Arthur YermashBy Bernadette Starzee

By using independent contractors instead of hiring employees, employers cut various expenses, from health insurance to payroll taxes. However, workers are sometimes misclassified as independent contractors when they are really employees, which could be a costly mistake for their employers.

Often, misclassification shows up in the salesperson category. As salespeople have various arrangements with regard to where they work and how they are compensated, even well-meaning employers often get the classification wrong.

Employers might also think that because their salespeople are paid on a commission basis rather than a salary that they do not have to classify them as employees.

“When the salesperson is in business for himself, and he’s out selling door to door, and he doesn’t have to be anywhere at any time, and he’s not told who to reach out to, who to sell to – that’s a classic example of a salesperson who is truly an independent contractor,” said Arthur Yermash, a senior associate at Campolo, Middleton & McCormick in Ronkonkoma.

Misclassification may be discovered when an independent contractor gets terminated and files for unemployment insurance or gets injured and files for worker’s compensation. Or it could be found on a Department of Labor audit.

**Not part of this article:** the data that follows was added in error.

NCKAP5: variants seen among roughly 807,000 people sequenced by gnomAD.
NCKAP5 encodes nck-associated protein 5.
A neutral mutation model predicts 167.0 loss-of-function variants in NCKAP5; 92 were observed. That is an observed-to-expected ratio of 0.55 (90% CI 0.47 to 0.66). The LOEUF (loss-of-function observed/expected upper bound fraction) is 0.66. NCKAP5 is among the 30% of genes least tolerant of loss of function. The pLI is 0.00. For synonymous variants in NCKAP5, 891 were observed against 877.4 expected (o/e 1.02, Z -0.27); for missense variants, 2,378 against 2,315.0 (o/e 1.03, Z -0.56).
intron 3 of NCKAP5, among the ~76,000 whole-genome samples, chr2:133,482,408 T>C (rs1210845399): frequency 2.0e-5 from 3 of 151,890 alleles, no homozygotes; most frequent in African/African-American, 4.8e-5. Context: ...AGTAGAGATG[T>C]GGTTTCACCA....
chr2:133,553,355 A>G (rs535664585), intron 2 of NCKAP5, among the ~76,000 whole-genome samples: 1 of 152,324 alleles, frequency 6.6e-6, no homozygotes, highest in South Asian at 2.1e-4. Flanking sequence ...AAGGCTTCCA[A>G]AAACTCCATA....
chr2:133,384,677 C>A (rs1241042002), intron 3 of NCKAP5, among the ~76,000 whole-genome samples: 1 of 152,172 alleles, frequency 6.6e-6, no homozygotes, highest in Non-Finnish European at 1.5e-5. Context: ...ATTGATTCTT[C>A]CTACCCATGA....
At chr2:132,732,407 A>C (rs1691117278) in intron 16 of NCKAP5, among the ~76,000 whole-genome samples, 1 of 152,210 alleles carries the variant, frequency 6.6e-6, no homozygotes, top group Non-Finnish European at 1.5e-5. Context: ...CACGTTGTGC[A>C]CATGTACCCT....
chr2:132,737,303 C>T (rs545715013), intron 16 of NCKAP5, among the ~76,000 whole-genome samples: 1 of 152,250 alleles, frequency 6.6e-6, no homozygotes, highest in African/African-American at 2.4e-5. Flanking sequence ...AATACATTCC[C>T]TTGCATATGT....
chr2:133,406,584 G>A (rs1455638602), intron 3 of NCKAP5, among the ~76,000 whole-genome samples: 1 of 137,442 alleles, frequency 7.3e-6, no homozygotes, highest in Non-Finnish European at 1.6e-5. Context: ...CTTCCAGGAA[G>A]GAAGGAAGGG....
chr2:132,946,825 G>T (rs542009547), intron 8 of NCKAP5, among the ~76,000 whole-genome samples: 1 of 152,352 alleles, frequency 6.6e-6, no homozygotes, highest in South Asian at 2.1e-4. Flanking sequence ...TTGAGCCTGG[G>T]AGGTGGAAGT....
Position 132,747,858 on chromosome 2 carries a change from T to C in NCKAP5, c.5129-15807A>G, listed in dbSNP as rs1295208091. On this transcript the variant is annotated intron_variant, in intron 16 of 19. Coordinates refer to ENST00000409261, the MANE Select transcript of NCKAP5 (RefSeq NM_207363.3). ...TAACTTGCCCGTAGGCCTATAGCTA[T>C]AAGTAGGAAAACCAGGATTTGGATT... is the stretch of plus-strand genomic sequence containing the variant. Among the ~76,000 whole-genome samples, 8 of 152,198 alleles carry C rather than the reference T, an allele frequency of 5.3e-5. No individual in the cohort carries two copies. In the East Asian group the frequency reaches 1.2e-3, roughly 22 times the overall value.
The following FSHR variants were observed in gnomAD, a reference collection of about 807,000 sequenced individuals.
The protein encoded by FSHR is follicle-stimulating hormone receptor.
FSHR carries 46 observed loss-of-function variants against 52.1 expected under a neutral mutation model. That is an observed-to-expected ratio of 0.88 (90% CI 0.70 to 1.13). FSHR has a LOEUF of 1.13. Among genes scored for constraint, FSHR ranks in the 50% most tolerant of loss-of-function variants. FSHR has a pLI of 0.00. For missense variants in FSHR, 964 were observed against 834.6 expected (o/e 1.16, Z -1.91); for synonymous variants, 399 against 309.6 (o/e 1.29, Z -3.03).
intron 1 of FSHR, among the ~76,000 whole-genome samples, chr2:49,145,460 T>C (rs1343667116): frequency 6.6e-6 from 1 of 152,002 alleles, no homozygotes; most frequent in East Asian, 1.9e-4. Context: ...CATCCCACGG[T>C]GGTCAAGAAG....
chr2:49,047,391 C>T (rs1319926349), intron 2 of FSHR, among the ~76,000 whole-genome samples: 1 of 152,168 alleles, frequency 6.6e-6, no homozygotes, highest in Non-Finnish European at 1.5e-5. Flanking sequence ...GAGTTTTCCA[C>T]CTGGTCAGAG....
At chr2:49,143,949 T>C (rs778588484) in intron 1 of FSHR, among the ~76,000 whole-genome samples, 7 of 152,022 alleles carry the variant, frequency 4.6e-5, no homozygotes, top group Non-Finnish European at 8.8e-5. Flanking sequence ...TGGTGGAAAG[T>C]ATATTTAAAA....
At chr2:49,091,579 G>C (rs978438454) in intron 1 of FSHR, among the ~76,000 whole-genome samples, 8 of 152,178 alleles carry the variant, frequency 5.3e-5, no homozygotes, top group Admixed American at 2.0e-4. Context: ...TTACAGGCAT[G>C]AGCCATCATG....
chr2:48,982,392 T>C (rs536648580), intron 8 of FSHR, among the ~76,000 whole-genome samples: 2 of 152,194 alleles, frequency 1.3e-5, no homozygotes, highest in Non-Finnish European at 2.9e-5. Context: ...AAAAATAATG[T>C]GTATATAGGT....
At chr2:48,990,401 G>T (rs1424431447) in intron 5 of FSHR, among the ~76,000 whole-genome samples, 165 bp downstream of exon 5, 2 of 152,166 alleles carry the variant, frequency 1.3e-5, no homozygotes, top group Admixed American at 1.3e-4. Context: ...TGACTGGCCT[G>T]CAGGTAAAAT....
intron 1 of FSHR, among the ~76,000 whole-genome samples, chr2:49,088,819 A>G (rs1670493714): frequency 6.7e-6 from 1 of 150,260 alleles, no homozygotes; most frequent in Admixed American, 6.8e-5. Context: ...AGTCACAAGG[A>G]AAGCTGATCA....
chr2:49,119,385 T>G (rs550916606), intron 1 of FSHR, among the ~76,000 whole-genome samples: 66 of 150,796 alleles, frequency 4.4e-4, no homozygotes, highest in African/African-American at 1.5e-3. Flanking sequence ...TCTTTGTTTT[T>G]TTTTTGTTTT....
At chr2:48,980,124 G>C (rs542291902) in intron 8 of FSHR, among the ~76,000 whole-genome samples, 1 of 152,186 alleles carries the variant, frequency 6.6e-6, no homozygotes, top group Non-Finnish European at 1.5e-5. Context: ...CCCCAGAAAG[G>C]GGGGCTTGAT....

Over the past few years, the Department of Labor has been focused on going after employers for misclassification, Yermash said, noting, “It’s one of the easier ways for employers to avoid some of the legal requirements regarding workers.”

Companies who have independent contractors on their roster should perform a self-audit to make sure they are classified properly.

“They should reevaluate every year or every couple of years, depending on the size of the company and how many independent contractors they have,” Yermash said. “They will be putting themselves in the best possible position to work through any audit that may come.”

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